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Tipsheet

CNN Thought It Had 29 Million 'Superfans' Who'd Pay for CNN+

AP Photo/Ron Harris

In the days since the unceremonious demise of CNN+ after a short-lived existence, more information has emerged about what CNN's executives hoped to do with its streaming platform...and it's incredibly on-brand for the cable news outlet that claims to be the "most trusted."

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According to presentations obtained and reported by Axios, CNN+ was expected to become *more* profitable than CNN's cable channel that typically makes around $500 million profit per year. As has become clear since last week's announcement that CNN+ would be shut down, its new parent company Warner Bros. Discovery was not enthused by the entry into premium streaming content. "The service also did not fit in with Discovery's broader plans to create one giant, general entertainment streaming service," Axios noted.

The pitch materials, per Axios, show "[f]inancial projections were based on internal CNN+ research that assumed CNN+ could one day attract nearly 30 million global subscriptions from a total addressable market of roughly 72 million people."

Those groups of potential subscribers were broken down to include "29 million 'CNN super fans,' 24 million 'news and non-fiction SVOD (subscription video on demand) fans,' and 36 million 'global news consumers' (people who already paid for a news subscription." Huh?

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In 2021, CNN's top-rated show was Anderson Cooper 360, which was number 25 overall in cable news viewership — according to AdWeek — drew an average of 1.255 million viewers for his 8:00 p.m. ET show. But CNN thought there were 29 million superfans who'd pay for more content from the source they barely already watch compared to Fox News.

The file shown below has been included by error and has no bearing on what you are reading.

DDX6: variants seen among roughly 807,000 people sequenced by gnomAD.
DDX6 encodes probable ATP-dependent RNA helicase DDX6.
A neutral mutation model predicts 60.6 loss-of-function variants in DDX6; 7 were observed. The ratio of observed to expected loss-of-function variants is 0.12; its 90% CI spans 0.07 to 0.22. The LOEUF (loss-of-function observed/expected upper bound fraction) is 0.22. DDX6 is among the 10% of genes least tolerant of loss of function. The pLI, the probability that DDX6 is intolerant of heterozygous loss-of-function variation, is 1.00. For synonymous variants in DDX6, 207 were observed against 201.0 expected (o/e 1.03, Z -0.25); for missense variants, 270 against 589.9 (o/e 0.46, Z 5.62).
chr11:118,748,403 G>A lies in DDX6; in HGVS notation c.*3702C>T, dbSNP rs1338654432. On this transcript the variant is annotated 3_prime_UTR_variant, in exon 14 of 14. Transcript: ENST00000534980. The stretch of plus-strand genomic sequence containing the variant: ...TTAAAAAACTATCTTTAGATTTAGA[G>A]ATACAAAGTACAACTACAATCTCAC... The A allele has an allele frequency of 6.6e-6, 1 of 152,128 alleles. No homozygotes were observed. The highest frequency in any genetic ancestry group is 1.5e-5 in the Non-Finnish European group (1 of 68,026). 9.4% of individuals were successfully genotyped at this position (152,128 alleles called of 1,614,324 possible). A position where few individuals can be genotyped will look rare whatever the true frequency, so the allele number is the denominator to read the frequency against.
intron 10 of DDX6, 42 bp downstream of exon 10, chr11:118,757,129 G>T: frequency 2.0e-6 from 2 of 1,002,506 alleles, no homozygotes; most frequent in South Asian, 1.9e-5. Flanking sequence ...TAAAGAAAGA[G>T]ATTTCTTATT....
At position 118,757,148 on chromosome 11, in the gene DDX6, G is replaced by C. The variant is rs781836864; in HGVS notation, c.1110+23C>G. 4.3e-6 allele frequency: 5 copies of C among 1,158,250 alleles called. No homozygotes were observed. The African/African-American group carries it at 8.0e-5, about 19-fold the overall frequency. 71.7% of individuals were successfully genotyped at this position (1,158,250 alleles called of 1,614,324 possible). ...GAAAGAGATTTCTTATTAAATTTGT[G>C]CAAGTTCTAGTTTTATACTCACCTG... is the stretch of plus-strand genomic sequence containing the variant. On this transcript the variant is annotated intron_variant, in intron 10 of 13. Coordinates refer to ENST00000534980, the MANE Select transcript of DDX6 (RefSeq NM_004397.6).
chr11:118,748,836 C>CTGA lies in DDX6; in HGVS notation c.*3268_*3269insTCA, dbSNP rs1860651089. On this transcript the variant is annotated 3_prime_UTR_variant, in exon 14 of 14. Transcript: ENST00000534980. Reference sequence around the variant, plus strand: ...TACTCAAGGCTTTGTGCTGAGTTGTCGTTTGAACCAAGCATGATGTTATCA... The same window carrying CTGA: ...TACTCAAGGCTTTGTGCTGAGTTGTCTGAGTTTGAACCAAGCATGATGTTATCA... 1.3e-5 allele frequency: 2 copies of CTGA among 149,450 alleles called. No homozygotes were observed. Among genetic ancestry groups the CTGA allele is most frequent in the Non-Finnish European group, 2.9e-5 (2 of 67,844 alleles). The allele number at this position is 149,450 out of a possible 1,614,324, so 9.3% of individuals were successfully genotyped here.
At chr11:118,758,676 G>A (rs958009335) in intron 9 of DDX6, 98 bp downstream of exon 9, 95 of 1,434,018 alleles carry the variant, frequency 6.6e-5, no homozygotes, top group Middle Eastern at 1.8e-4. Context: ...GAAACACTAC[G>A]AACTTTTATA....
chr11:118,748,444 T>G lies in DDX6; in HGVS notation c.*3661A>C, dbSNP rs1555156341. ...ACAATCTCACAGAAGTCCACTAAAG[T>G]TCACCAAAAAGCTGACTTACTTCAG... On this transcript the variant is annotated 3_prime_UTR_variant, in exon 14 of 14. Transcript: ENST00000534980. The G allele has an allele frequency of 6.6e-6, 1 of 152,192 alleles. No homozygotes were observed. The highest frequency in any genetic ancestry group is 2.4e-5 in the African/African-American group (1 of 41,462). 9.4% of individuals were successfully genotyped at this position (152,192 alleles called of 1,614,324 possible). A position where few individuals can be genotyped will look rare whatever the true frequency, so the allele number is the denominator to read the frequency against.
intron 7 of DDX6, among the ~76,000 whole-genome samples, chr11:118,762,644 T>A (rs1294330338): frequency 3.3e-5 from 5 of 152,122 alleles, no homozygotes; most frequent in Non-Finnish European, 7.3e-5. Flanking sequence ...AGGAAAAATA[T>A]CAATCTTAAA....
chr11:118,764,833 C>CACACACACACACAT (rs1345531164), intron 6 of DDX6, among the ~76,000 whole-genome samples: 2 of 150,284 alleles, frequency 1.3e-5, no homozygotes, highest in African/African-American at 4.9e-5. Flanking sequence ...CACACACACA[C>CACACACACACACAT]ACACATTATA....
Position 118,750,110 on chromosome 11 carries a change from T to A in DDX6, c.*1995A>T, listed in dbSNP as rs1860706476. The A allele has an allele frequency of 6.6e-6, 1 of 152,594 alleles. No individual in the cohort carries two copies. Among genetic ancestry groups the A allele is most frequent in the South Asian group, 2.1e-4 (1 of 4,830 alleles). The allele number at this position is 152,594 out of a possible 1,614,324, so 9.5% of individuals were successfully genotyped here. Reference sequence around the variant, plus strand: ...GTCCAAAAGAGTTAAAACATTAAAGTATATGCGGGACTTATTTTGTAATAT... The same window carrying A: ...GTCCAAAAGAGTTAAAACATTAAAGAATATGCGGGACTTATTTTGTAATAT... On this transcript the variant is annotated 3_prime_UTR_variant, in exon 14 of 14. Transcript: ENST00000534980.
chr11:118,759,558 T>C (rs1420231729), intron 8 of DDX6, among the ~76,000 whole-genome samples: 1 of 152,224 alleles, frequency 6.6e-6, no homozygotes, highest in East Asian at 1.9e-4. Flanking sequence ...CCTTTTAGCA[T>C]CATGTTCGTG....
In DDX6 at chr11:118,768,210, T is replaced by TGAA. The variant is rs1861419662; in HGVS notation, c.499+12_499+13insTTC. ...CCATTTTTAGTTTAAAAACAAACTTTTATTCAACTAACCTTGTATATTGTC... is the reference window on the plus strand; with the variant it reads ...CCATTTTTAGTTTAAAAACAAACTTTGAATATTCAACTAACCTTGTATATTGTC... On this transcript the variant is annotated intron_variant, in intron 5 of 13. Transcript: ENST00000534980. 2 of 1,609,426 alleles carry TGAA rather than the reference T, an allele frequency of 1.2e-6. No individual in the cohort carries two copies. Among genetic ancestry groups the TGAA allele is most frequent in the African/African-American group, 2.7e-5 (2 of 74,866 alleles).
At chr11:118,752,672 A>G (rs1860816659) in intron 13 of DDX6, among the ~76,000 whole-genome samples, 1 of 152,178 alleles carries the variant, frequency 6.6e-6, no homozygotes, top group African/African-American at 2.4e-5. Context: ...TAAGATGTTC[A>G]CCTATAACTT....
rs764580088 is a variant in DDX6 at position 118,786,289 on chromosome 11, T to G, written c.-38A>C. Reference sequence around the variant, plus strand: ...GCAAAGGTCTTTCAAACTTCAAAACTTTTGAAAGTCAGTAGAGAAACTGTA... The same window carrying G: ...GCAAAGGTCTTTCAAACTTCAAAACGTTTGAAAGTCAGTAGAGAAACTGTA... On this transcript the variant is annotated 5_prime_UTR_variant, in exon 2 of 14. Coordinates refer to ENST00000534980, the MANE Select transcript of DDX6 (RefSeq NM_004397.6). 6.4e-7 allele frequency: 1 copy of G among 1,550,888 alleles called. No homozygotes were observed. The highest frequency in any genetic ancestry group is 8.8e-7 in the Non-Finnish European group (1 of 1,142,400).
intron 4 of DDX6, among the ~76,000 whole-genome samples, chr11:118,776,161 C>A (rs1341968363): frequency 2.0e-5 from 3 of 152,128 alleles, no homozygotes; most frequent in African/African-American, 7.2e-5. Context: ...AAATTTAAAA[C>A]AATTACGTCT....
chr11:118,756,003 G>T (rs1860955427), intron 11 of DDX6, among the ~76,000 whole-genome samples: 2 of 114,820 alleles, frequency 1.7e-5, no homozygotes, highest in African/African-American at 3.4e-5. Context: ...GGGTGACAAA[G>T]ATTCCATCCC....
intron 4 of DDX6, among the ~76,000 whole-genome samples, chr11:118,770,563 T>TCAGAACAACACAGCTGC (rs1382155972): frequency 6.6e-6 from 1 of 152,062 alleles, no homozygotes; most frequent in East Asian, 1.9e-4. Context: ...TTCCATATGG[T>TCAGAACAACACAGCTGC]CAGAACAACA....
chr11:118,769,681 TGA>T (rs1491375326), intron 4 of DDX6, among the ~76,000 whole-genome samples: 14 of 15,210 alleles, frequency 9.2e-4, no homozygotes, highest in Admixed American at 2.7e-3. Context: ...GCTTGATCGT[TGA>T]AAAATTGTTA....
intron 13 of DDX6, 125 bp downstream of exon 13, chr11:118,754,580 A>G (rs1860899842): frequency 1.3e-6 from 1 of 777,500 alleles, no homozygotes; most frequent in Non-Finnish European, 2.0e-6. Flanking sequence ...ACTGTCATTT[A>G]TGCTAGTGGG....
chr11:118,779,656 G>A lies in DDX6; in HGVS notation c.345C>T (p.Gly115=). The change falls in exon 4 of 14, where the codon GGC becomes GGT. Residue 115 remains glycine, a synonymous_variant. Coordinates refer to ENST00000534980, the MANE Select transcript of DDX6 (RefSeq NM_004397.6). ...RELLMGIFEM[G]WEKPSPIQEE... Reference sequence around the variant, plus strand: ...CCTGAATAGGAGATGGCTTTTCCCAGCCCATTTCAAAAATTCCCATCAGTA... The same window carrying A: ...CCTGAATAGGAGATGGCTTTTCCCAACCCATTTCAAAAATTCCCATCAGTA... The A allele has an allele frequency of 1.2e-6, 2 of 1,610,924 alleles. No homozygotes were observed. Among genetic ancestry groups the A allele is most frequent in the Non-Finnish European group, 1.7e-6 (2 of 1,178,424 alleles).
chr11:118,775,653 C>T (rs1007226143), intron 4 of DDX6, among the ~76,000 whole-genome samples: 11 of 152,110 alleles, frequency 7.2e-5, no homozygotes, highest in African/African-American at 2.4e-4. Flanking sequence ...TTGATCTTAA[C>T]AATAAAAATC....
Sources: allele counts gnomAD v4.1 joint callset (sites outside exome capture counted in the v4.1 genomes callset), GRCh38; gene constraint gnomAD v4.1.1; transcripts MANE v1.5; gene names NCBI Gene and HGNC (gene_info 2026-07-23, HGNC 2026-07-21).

In any case, CNN's leadership saw the roughly 150,000 CNN+ subscribers as a success, but Warner Bros. Discovery executives apparently did not. And while CNN pushed for the streaming platform as an "off-ramp for CNN's linear TV network," their own market research showed dubious conclusions about consumers' interest for paid streaming news. 

Per Axios:

Internal research for CNN+ from a May 2021 research document obtained by Axios shows the value proposition for a paid news video service was never clear for consumers, who were increasingly suffering from news fatigue.

"We did not hear a self-declared appetite for more premium live news shows from any of our personas," the research concluded, based on 18 one-hour interviews with potential CNN+ customers.

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So, despite their own research showing consumers were sick of news (and even more sick of CNN), CNN+ plunged ahead with its launch — that didn't include some of the biggest streaming devices and smart TVs — believing that they had nearly 30 million "super fans" along with others who would jump at the opportunity to fork over their cash to see even more of Brian Stelter. No wonder it lasted barely one month before being (perhaps mercifully) killed by Warner Bros. Discovery. 

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